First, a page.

NEW YORK - McDonald's sued former CEO Steve Easterbrook for allegedly lying about inappropriate sexual relationships with employees Monday, the latest twist in a corporate #MeToo saga that has rocked the fast-food giant.
Easterbrook -- who is British -- was dismissed in November 2019 over his "poor judgment" in engaging in a consensual relationship with a member of staff in violation of company policy.
McDonald's said it had subsequently learned that Easterbrook lied "and destroyed information regarding inappropriate personal behavior" and relationships with three other employees.
It added that the 53-year-old had provided stock worth hundreds of thousands of dollars to one of those employees.
The chain is seeking to recover compensation and severance benefits paid to the executive under the terms of his departure last year, according to a securities filing.
The lawsuit, which alleges that Easterbrook committed fraud by misleading the company over the separation agreement, has been filed in a state court in Delaware.
"(He) was knowingly untruthful with McDonald's investigators," says the complaint, which also shed new light on the relationship that led to his departure.
It had been "a non-physical, consensual relationship involving texting and video calls," the filing says.
"Easterbrook told McDonald's investigators that the relationship was the only one of an intimate nature he had ever had with a McDonald's employee. And he asserted that he had never engaged in a physical sexual relationship with any McDonald's employee," it adds.
But in July this year, McDonald's received an anonymous tip-off that Easterbrook had engaged in a sexual relationship with someone who worked for him while he was CEO.
An internal investigation found evidence of that relationship, and of two others, McDonald's said.
"That evidence consisted of dozens of nude, partially nude, or sexually explicit photographs and videos of various women, including photographs of these company employees," the filing says.
It adds that Easterbrook had sent the photographs, which were allegedly taken in late 2018 and early 2019, as attachments to messages from his company e-mail account to his personal e-mail account.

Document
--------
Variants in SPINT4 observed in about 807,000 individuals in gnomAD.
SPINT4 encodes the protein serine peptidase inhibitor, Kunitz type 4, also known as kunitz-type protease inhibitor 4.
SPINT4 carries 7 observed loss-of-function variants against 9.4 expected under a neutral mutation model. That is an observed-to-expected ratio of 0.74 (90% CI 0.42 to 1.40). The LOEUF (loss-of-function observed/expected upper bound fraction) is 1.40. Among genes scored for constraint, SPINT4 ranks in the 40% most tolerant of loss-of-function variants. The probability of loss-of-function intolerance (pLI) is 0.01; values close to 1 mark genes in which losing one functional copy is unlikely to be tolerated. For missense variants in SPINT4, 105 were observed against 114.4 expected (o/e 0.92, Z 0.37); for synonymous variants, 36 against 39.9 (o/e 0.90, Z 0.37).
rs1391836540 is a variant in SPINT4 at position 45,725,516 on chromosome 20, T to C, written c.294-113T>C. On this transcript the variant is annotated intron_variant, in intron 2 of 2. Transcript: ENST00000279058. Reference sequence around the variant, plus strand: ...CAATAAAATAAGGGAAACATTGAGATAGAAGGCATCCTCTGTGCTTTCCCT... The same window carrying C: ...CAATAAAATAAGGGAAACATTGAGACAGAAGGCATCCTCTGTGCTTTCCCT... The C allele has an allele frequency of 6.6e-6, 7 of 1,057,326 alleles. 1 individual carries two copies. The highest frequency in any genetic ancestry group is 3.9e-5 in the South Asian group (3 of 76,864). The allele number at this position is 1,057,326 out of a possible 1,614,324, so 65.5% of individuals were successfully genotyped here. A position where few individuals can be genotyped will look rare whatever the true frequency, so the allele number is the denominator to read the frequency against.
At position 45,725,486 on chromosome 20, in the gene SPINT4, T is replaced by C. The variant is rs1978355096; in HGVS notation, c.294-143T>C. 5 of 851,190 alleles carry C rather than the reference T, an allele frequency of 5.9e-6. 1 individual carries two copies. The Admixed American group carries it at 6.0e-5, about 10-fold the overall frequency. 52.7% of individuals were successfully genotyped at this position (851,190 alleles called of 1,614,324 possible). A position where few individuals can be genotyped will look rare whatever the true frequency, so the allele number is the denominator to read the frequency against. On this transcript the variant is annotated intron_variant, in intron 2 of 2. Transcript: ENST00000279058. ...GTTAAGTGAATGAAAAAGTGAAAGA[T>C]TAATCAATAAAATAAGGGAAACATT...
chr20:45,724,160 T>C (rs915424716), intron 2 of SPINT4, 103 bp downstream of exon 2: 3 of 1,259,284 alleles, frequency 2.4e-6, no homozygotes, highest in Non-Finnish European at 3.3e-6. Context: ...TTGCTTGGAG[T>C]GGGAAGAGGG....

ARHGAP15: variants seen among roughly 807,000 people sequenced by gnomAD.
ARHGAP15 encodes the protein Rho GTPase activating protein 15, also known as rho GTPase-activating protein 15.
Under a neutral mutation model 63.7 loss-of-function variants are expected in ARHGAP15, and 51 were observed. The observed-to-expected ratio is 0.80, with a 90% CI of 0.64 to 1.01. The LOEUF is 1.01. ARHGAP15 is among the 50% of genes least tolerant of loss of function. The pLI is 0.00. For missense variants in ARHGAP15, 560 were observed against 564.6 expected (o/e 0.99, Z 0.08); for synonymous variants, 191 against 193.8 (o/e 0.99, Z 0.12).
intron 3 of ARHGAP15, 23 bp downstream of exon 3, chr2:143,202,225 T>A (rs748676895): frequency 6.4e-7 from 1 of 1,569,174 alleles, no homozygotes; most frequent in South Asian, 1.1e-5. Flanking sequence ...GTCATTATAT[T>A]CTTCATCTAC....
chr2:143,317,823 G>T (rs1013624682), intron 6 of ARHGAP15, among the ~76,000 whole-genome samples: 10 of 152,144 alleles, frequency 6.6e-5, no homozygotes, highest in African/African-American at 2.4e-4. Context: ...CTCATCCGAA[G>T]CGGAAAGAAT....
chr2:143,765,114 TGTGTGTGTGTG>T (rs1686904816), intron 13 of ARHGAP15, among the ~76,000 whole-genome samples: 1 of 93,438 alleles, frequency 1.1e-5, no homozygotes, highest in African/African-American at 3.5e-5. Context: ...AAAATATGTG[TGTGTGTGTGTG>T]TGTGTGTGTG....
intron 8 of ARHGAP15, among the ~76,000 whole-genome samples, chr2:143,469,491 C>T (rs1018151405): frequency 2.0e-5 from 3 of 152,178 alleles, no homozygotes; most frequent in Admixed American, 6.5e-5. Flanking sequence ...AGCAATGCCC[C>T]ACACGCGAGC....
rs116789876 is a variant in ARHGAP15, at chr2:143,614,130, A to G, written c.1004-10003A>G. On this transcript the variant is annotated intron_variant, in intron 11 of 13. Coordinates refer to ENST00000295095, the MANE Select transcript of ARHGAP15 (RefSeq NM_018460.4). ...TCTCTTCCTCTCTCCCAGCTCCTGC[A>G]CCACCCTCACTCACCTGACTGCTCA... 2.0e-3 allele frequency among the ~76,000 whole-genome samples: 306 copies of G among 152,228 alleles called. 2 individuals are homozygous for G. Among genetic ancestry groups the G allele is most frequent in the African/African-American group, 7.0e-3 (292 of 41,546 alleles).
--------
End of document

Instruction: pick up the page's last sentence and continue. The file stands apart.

Easterbrook, who was appointed CEO in March 2015, was widely credited with boosting the burger chain's fortunes.
In 2018, his base pay was $1.3 million and his total compensation including bonus and stock options was $15.9 million.
Easterbrook's separation agreement included six months' severance pay, plus stock options.
Equilar, a compensation consulting firm, has estimated his exit package at around $40 million.
Easterbrook was replaced by Chris Kempczinski, who joined McDonald's in October 2015 after working in a senior strategic role at Kraft Foods and previously at PepsiCo.
One day after Easterbrook's departure, McDonald's announced that its top human resources executive, David Fairhurst, who joined McDonald's in 2005 and was named chief people officer at the restaurant chain in 2015, had also left.
In May, an international group of labor unions filed a complaint against McDonald's for what it called systematic sexual harassment at the fast-food chain's restaurants around the world.
The complaint, filed with the Dutch national contact point for the Organization for Economic Cooperation and Development (OECD), was the first of its kind to target a multinational company, the International Union of Foodworkers said.
The document cites witness testimony of "attempted rape, indecent exposure, groping, and sexual offers."
McDonald's said at the time it would review the complaint, stressing that the food giant was a "people-first company."
Its shares fell by 0.60 percent following Monday's lawsuit announcement.